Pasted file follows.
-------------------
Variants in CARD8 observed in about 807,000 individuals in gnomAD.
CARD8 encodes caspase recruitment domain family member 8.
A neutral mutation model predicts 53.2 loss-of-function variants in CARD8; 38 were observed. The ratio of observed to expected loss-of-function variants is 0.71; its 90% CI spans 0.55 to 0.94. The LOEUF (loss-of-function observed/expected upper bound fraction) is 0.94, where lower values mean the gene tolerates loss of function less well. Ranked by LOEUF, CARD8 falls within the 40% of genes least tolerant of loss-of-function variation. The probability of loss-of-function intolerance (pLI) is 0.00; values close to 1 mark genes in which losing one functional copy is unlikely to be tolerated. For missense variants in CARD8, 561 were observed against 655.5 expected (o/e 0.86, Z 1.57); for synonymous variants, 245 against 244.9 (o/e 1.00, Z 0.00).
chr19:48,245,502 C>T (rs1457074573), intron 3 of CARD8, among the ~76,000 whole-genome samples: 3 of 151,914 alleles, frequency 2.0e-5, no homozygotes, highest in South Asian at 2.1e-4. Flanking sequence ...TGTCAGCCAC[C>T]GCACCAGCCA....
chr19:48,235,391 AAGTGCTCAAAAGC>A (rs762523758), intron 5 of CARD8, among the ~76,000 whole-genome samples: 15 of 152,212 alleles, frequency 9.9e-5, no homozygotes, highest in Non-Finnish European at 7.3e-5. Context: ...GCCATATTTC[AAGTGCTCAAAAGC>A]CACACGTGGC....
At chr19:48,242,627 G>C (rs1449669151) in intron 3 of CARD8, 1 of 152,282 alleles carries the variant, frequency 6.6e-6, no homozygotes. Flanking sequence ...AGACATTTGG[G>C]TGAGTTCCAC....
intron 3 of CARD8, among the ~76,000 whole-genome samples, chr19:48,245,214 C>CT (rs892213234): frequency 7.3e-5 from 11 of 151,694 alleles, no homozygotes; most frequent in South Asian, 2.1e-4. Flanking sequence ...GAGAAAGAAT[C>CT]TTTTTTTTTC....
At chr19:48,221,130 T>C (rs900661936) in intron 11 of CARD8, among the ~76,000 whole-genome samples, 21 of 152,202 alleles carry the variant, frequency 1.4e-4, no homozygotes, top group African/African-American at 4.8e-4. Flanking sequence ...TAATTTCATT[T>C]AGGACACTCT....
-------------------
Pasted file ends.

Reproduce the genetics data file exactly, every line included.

Variants in CARD8 observed in about 807,000 individuals in gnomAD.
CARD8 encodes caspase recruitment domain family member 8.
A neutral mutation model predicts 53.2 loss-of-function variants in CARD8; 38 were observed. The ratio of observed to expected loss-of-function variants is 0.71; its 90% CI spans 0.55 to 0.94. The LOEUF (loss-of-function observed/expected upper bound fraction) is 0.94, where lower values mean the gene tolerates loss of function less well. Ranked by LOEUF, CARD8 falls within the 40% of genes least tolerant of loss-of-function variation. The probability of loss-of-function intolerance (pLI) is 0.00; values close to 1 mark genes in which losing one functional copy is unlikely to be tolerated. For missense variants in CARD8, 561 were observed against 655.5 expected (o/e 0.86, Z 1.57); for synonymous variants, 245 against 244.9 (o/e 1.00, Z 0.00).
chr19:48,245,502 C>T (rs1457074573), intron 3 of CARD8, among the ~76,000 whole-genome samples: 3 of 151,914 alleles, frequency 2.0e-5, no homozygotes, highest in South Asian at 2.1e-4. Flanking sequence ...TGTCAGCCAC[C>T]GCACCAGCCA....
chr19:48,235,391 AAGTGCTCAAAAGC>A (rs762523758), intron 5 of CARD8, among the ~76,000 whole-genome samples: 15 of 152,212 alleles, frequency 9.9e-5, no homozygotes, highest in Non-Finnish European at 7.3e-5. Context: ...GCCATATTTC[AAGTGCTCAAAAGC>A]CACACGTGGC....
At chr19:48,242,627 G>C (rs1449669151) in intron 3 of CARD8, 1 of 152,282 alleles carries the variant, frequency 6.6e-6, no homozygotes. Flanking sequence ...AGACATTTGG[G>C]TGAGTTCCAC....
intron 3 of CARD8, among the ~76,000 whole-genome samples, chr19:48,245,214 C>CT (rs892213234): frequency 7.3e-5 from 11 of 151,694 alleles, no homozygotes; most frequent in South Asian, 2.1e-4. Flanking sequence ...GAGAAAGAAT[C>CT]TTTTTTTTTC....
At chr19:48,221,130 T>C (rs900661936) in intron 11 of CARD8, among the ~76,000 whole-genome samples, 21 of 152,202 alleles carry the variant, frequency 1.4e-4, no homozygotes, top group African/African-American at 4.8e-4. Flanking sequence ...TAATTTCATT[T>C]AGGACACTCT....